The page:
Photo Marcel Schütz, right, discussing his new appointment as Switzerland’s first honorary consul in Svalbard, by Michael Wenger
Marcel Schütz is among those recently questioning the Norwegian government’s approach to policy regarding foreign residents in Svalbard, but his importance from his homeland’s perspective made history this week as Switzerland appointed him the first local honorary Swiss consul during a ceremony in Longyearbyen.
Switzerland, an observer on the Arctic Council since 2017, appointed the tour company operator who has lived in Longyearbyen for the past 12 years because “his long-standing presence on the archipelago and his profound knowledge of Svalbard’s situation have made him the ideal representative,” according to Bernard Jaggy, Swiss Ambassador to Norway and Iceland.
“Because of Switzerland’s large research activities on Svalbard, it is very important for us to have someone here who can help, who can work with the governor,” Jaggy said during the ceremony at Funken Lodge. “First and foremost, Marcel Schütz will assist his ambassador on the ground, but he will also serve as a point of contact for Swiss researchers.”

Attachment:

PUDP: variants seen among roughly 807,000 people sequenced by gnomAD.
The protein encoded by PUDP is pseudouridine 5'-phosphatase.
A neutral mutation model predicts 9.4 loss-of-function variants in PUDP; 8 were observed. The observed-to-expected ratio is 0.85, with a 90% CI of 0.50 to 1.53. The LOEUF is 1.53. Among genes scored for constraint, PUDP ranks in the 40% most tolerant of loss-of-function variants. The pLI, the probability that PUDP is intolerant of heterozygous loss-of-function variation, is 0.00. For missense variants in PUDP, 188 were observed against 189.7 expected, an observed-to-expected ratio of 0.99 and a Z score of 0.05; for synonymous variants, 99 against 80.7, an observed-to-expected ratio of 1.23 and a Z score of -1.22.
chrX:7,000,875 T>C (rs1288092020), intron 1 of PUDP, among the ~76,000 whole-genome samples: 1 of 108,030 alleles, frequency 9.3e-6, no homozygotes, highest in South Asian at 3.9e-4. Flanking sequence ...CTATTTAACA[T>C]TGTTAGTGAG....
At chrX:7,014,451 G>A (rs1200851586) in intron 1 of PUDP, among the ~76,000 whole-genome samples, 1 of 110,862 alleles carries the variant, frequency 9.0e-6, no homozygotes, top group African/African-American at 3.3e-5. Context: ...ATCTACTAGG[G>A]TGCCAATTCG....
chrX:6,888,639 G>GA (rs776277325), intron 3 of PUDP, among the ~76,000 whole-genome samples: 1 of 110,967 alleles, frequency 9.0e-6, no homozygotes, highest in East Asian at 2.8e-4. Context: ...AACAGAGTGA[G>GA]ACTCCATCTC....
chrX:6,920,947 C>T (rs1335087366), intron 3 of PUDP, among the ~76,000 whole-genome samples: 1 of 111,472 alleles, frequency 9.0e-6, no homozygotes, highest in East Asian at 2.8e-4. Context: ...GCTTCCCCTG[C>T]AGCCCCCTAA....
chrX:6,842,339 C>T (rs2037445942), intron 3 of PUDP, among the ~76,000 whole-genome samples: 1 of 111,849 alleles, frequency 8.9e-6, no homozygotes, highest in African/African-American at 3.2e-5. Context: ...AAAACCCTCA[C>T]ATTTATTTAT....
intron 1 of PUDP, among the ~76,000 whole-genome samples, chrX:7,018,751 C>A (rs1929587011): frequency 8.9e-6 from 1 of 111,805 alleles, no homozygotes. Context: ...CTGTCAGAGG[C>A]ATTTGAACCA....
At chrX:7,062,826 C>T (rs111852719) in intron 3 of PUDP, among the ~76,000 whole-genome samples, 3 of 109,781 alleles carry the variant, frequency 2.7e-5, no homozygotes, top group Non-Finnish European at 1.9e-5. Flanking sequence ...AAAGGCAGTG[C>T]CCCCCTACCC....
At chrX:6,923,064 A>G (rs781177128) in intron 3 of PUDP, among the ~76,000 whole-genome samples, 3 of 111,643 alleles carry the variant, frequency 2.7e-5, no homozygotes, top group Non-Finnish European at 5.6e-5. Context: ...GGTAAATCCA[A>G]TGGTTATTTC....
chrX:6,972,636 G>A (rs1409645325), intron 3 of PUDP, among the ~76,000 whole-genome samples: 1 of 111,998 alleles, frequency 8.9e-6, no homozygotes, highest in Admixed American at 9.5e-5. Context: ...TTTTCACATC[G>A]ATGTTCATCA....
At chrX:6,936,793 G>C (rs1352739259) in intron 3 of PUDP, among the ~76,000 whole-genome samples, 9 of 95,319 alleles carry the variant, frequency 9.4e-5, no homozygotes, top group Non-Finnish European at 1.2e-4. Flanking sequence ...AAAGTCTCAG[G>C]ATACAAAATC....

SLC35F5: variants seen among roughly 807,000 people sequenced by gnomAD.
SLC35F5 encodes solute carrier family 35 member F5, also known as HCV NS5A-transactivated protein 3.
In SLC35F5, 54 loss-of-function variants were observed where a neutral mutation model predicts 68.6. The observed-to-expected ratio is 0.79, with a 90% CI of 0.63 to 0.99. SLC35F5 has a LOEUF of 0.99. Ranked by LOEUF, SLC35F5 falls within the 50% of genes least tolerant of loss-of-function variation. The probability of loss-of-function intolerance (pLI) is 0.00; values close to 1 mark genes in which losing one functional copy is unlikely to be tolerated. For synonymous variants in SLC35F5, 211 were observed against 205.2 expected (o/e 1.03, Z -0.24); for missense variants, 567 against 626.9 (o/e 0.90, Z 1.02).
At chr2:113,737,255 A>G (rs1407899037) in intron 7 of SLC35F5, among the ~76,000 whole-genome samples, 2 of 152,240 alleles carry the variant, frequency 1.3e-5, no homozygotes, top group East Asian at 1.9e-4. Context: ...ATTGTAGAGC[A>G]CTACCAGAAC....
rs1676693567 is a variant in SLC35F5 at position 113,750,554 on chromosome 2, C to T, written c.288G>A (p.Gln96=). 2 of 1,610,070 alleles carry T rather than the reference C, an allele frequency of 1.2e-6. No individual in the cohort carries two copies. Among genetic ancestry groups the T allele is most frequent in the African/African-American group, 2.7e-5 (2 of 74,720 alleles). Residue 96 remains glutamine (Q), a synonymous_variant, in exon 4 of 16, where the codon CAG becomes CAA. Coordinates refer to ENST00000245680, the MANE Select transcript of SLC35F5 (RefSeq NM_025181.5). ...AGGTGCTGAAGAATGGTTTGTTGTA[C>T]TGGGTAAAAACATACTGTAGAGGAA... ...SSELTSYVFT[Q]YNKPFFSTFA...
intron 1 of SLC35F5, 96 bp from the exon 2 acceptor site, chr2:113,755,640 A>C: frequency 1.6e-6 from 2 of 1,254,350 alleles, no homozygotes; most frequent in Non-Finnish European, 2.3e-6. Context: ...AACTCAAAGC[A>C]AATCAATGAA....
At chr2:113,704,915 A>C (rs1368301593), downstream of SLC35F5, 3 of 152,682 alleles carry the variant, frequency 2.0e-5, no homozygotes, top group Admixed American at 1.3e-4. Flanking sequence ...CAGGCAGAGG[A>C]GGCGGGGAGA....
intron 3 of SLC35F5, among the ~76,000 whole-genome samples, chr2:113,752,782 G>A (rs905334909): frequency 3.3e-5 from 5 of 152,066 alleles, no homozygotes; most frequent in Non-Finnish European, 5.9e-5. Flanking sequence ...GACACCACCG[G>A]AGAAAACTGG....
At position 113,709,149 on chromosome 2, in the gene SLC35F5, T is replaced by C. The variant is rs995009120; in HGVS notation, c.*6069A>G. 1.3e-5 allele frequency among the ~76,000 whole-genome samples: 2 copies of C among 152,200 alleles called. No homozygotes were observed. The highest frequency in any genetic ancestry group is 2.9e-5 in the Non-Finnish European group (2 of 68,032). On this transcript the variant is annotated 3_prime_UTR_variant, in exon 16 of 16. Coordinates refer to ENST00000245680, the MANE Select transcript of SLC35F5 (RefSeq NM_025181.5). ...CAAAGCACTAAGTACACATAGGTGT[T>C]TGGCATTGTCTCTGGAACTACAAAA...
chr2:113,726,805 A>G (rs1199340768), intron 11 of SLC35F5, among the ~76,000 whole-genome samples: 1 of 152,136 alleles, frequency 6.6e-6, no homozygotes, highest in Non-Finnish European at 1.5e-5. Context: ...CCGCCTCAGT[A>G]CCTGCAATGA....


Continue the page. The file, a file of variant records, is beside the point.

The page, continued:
Schütz has strenuously and publicly voiced objections to recent government actions involving Covid-related help he alleges was unfair to non-Norwegian owned tourism businesses such as his. regarding Svalbard. Among the dignataries at the ceremony was Svalbard Gov. Lars Fause, appointed by one of the ministries Schütz filed a legal complaint with, but as the area’s top adminstrator rather than politician the governor was laudatory toward the new diplomat.
“In all practical purposes, I welcome a good cooperation with you, Honorary Consul Schütz,” Fause said.
The title of “consul” isn’t unique in Svalbard, as Russia has for many years had a Consul General representing its residents and settlements in the archipelago (the current appointee, Sergey Gushkin, was at the ceremony). But Schütz’s appointment is the only other diplomatic representation in Svalbard and the first in any high Arctic region with the honorary designation.
Until now, the Honorary Consul of Switzerland in Tromsø was responsible for Svalbard, according to the Swiss Embassy.
“This situation was not ideal for intervening in crisis situations or supporting Switzerland’s interests in this remote region,” Jaggy told PolarJournal. “We count around 3,000 overnight stays by Swiss citizens on this archipelago every year. Most of these are researchers or adventure tourists. That’s where things can happen, and where the support of an honorary consul is valuable.”